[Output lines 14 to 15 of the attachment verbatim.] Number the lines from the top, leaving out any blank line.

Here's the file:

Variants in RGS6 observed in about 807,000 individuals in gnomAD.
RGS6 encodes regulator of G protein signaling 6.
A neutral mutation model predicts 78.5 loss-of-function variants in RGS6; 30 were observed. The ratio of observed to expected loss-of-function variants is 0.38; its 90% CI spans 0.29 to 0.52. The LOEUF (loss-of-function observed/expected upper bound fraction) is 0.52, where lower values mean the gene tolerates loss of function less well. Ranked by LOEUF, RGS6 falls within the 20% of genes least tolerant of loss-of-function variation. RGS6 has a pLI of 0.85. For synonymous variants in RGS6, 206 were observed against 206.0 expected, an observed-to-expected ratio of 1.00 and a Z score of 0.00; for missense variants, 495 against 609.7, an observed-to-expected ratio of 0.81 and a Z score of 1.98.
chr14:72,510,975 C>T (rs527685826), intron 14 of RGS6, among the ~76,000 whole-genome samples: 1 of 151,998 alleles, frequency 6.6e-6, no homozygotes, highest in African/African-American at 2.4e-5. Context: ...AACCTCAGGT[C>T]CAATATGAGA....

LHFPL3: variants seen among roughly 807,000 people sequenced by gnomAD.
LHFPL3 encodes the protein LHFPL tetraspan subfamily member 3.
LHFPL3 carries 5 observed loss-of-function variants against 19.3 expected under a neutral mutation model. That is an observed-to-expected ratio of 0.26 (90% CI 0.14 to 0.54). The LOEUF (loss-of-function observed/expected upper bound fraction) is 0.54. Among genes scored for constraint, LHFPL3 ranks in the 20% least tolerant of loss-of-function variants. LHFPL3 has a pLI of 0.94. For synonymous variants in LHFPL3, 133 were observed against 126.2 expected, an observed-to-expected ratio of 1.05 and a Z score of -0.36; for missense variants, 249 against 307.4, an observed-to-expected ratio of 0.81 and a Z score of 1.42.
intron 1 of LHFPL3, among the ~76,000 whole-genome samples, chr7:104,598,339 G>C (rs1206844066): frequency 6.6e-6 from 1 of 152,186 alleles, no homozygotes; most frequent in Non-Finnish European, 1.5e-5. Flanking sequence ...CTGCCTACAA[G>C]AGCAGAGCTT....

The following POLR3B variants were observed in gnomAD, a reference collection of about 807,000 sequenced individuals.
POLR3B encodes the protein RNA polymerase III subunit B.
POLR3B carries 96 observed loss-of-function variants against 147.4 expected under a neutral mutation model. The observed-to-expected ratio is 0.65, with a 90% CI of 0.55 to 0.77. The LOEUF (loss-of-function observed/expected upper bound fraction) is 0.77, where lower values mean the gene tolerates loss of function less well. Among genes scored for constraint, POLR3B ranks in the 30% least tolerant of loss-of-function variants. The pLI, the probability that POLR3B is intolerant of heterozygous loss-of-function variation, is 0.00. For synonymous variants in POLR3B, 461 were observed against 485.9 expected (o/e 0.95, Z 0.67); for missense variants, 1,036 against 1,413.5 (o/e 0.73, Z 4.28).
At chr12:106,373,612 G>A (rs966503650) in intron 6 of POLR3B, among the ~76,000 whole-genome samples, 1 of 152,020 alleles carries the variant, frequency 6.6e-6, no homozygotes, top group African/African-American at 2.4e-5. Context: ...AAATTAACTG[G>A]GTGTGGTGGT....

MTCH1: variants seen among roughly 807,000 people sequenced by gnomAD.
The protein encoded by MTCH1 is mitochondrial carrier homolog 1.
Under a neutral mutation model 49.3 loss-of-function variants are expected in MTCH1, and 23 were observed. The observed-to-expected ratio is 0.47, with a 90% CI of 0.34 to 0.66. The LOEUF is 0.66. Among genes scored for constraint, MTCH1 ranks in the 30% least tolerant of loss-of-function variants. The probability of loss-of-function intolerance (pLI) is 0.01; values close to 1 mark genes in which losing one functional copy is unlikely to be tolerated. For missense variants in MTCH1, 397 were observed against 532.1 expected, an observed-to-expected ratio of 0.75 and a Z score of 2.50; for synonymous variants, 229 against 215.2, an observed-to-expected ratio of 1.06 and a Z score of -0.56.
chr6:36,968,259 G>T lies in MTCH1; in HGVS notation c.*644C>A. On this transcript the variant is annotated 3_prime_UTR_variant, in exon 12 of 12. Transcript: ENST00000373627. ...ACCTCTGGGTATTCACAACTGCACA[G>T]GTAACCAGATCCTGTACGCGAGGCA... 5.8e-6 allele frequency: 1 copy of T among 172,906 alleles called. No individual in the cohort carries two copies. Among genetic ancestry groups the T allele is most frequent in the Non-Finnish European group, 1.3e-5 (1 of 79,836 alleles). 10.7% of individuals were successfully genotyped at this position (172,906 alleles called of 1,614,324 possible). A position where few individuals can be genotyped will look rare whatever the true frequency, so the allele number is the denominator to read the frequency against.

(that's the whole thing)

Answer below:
The protein encoded by MTCH1 is mitochondrial carrier homolog 1.
Under a neutral mutation model 49.3 loss-of-function variants are expected in MTCH1, and 23 were observed. The observed-to-expected ratio is 0.47, with a 90% CI of 0.34 to 0.66. The LOEUF is 0.66. Among genes scored for constraint, MTCH1 ranks in the 30% least tolerant of loss-of-function variants. The probability of loss-of-function intolerance (pLI) is 0.01; values close to 1 mark genes in which losing one functional copy is unlikely to be tolerated. For missense variants in MTCH1, 397 were observed against 532.1 expected, an observed-to-expected ratio of 0.75 and a Z score of 2.50; for synonymous variants, 229 against 215.2, an observed-to-expected ratio of 1.06 and a Z score of -0.56.